This extraction of wealth from the rural community reaches a crises stage when commodity prices are low and input cost for chemicals, fuel and machinery remain high. When the costs of inputs exceed the income from production, farmers begin the trek toward bankruptcy. The large input giants couldn’t care less about the havoc they are creating when they suck up not only the investments in growing crops but also the investments in the land when expenses exceed the income for the landowners. Once that land investment is spent on chemicals, and that famer goes broke, they know that there will be another new farmer to take his place. The new farmer will invest new capital into the farm, which starts the cycle all over again.
What role does government play in the establishment of new processes in ag? How does it help and hurt?
Unfortunately, government does not lead, it follows. In recent years it has mostly followed the giant multinational companies which form the agricultural chemical industrial complex and big pharma. These groups have successfully controlled the direction of research which ensures the future is going their way as well as established significant government subsidies which enable farmers to buy more chemicals and citizens everywhere to buy more pills despite the increasing cost of each. There is now an unholy alliance which allows these giant companies great influence on the government no matter which party is in control. They influence the whole country with the rallying cry for cheap and plentiful food and federal health care programs. They claim their system is the only one that will feed the world. And they have been very successful at least as far as cheap food goes. Since 1941 the cost of food has dropped 61 percent while the cost of health care has increased 61 percent. This great increase in health care is one of the high costs we are all paying for cheap food.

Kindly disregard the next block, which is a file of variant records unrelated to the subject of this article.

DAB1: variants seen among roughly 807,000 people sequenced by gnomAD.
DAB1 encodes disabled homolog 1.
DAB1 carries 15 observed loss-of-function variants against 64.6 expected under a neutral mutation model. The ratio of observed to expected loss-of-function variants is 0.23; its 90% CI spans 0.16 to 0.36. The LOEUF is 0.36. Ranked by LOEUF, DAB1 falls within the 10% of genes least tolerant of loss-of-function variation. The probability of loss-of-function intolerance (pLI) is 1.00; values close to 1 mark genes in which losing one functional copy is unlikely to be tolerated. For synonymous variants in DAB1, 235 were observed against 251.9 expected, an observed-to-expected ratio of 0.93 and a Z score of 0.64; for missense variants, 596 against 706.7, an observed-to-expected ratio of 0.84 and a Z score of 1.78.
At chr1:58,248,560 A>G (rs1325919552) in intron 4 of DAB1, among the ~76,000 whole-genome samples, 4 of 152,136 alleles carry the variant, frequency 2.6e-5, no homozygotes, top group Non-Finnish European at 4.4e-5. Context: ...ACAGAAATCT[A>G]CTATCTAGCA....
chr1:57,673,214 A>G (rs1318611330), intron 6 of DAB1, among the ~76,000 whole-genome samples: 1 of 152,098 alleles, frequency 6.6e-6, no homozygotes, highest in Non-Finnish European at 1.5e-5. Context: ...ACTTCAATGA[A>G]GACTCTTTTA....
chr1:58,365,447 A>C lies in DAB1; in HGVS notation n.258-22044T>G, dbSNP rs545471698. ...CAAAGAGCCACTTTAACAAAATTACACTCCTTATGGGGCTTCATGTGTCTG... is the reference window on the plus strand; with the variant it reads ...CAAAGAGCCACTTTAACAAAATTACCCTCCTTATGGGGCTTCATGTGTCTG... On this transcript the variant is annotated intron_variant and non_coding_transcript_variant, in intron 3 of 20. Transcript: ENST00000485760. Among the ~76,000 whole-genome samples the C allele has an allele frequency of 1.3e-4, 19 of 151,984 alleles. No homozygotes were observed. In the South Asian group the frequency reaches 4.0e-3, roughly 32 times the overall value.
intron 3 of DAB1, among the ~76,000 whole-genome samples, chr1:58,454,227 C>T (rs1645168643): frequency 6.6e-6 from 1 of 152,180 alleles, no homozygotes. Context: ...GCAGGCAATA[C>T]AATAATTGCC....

How has regenerative organic farming grown over the years? How did the idea first come to be?